Playground for us to try out new ideas, specifically around Identity (ERC 725) & the Origin Marketpl...
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Warning! This repo contains only our protoyping work around ERC 725. It is now out of date and should not be used. Our current identity contracts are here.
Using ERC 725, a smart contract can protect function calls from being executed unless the sender has a verified claim from a trusted issuer.
You can try a deployed version of this app at http://erc725.originprotocol.com/#/
It has several Certifiers pre-populated that are not present when running the demo locally.
The screenshot walkthrough below shows an example of verifying a claims of a person's identity.
Imagine we want to deploy a Listing contract to sell a concert ticket, but only allow interactions from users with a verified email address. How can we accomplish this with ERC 725?
First, lets define the entities that will be interacting:
This leaves us with a few questions...
To answer these questions, lets go through the process of setting up all the required contracts and services, starting with the Issuer.
The job of the Issuer is to act as a trusted third party. In the future, trusted organizations may deploy their own Issuer identity contracts onto the blockchain, which third parties can then trust. Origin plan to offer their own basic Issuer contracts for verifying email addresses, phone numbers, Facebook accounts, Twitter accounts, etc. Third parties will then be able to trust that these Origin Issuer contracts only issue claims if they are, in fact, true.
How will an email verifier work? A typical verification service may involve an application, for example http://example.com/verify-email. This application will have a standard interface for verifying an email address, whereby a user is sent an email with a special code which they then submit back to the application. Now that the email address has been verified, it can be signed with a private key known only to the email verifier app. The corresponding public key is on the issuer's identity. This is how a claim is verified.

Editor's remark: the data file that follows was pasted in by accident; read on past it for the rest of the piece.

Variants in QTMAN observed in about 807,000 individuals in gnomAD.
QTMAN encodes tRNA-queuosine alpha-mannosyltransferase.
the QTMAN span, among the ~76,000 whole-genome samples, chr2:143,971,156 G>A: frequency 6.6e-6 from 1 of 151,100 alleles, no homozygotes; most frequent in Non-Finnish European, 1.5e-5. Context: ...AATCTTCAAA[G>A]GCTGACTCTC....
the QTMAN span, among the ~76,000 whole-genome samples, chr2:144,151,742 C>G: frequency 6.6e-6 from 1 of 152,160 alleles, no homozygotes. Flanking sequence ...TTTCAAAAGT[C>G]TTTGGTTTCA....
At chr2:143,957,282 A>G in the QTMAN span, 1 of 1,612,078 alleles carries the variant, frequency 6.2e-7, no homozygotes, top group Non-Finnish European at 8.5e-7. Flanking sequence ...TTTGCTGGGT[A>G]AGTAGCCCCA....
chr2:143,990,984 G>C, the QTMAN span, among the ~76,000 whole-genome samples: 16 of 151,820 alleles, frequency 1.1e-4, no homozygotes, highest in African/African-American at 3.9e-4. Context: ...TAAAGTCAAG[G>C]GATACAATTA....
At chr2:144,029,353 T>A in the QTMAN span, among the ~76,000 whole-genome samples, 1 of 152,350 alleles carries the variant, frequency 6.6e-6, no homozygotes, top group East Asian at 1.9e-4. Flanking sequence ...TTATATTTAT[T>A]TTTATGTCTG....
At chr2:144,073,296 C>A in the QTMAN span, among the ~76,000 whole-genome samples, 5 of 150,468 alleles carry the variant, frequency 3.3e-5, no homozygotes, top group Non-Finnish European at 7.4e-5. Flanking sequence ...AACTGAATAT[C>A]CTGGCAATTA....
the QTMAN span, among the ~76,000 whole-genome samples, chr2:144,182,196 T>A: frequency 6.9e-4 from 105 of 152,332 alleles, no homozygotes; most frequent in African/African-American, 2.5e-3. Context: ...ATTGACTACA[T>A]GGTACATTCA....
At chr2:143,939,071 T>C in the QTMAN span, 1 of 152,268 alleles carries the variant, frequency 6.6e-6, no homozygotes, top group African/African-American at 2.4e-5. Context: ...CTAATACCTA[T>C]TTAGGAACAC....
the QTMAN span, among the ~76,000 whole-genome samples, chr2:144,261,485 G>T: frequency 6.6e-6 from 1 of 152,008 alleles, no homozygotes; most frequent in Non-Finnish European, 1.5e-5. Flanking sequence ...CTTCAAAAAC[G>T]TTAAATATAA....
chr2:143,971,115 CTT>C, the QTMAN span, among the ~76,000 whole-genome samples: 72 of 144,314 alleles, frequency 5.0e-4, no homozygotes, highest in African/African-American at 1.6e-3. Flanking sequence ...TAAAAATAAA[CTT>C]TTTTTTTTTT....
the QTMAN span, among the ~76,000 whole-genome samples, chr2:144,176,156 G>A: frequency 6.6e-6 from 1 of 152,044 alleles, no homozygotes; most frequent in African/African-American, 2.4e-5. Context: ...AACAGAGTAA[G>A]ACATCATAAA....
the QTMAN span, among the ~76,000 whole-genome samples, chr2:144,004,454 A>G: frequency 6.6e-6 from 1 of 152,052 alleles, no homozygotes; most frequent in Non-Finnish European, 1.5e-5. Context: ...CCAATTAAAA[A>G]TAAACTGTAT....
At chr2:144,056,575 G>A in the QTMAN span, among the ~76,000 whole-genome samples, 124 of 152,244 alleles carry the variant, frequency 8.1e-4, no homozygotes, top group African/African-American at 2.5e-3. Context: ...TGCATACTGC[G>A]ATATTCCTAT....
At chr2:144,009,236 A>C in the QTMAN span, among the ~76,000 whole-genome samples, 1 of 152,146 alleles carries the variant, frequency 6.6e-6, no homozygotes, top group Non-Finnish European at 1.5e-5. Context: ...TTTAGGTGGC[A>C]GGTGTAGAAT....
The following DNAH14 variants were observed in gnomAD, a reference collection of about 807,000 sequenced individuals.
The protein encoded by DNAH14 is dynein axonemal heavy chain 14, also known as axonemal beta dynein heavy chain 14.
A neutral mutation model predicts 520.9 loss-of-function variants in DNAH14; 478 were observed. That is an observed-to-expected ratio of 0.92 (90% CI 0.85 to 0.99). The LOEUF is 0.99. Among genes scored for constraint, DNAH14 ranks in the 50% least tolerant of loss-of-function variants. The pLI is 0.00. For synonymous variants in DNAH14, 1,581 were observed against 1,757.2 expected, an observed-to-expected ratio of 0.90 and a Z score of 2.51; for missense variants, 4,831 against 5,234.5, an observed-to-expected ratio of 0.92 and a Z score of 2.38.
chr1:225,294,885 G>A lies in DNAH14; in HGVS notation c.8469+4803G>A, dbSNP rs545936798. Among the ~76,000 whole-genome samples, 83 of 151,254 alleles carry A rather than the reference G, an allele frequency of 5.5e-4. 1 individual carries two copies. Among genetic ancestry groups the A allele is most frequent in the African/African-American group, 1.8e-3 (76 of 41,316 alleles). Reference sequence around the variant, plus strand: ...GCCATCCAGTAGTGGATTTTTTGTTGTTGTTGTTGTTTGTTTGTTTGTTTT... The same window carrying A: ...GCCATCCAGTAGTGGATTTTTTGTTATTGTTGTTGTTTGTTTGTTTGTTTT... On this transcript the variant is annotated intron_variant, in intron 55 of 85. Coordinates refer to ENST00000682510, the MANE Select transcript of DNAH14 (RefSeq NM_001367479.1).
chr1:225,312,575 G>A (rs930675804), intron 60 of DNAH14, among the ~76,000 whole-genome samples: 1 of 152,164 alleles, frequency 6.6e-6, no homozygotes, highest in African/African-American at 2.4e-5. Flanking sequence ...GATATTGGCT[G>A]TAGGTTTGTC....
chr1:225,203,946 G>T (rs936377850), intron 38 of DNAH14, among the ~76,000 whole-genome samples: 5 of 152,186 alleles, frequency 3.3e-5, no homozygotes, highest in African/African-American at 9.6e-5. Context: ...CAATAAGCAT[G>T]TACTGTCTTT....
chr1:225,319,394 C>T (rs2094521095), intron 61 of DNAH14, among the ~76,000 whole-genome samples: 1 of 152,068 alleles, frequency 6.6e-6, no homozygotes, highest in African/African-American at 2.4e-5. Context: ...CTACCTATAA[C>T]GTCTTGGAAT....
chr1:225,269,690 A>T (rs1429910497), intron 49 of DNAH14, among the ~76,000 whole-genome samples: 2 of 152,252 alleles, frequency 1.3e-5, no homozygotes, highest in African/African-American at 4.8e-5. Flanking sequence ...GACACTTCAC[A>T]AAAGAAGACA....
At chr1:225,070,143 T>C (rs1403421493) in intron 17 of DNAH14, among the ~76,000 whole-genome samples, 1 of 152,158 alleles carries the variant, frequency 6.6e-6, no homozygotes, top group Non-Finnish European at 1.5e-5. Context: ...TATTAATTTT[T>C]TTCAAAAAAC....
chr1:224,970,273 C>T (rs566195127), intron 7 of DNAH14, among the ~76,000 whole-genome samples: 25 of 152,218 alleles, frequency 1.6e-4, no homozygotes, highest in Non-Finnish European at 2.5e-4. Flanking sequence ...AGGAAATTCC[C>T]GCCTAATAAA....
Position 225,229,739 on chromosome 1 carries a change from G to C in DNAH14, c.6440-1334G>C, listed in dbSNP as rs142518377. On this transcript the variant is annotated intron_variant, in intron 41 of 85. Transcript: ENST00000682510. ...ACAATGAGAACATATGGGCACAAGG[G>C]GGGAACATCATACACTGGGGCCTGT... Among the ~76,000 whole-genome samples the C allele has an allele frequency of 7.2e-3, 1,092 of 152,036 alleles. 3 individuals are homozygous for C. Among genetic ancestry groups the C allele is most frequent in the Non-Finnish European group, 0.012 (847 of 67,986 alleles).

More explanation to follow...
Confirm that the first wallet ID is active. (
0x313AaDin our screenshot) We are playing the role of a person who desires a blockchain identity.
Click "Add an Identity" and deploy an identity contract with name "Alice".
You can see the address of the contract, as well as the wallet ID of the owner.
Switch the active wallet to the second. (
0x56BEaain our screenshot) We are now playing the role of a service that can verify a GitHub account.
Click "Add a Certifier" and deploy a certifier contract called "Github". For now we'll use an example URL for our service.
Again, you should see the address of this contract, and the walled ID of the owner of this contract.
Switch the active wallet to the third. (
0xCd5e74in our screenshot) We are now playing the role of an eBay-like application that wants to restrict access to only people with verified Github accounts. (A marketplace for developers, perhaps!)
Click "Add a Protected Contract" and deploy a contract called "Listing" with certifier of "Github". This is the contract which will be limited to interacting to people with verified Github accounts.
Switch to the second wallet, and click on "GitHub" under "Certifiers".
On right column, click on the "+" next to "Claims" to add a claim.
Switch the "Claim Type" to "Has Github" and click "Add Claim".
Switch to the first wallet, and click on the "Alice" identity.
In right column, you should see the claim by our "Github" Certifier (from pervious step) that she has a GitHub account. Click "Approve" to accept this claim to Alice's identity.
Now click the "Listing" under "Protected Contracts", and then click on "Run Protected Method". Change the "Claim Type" to "Has Github"
You should see that this claim is returned as ClaimValid*.
Alice is ready to start shopping!
npm install npm start
npm run test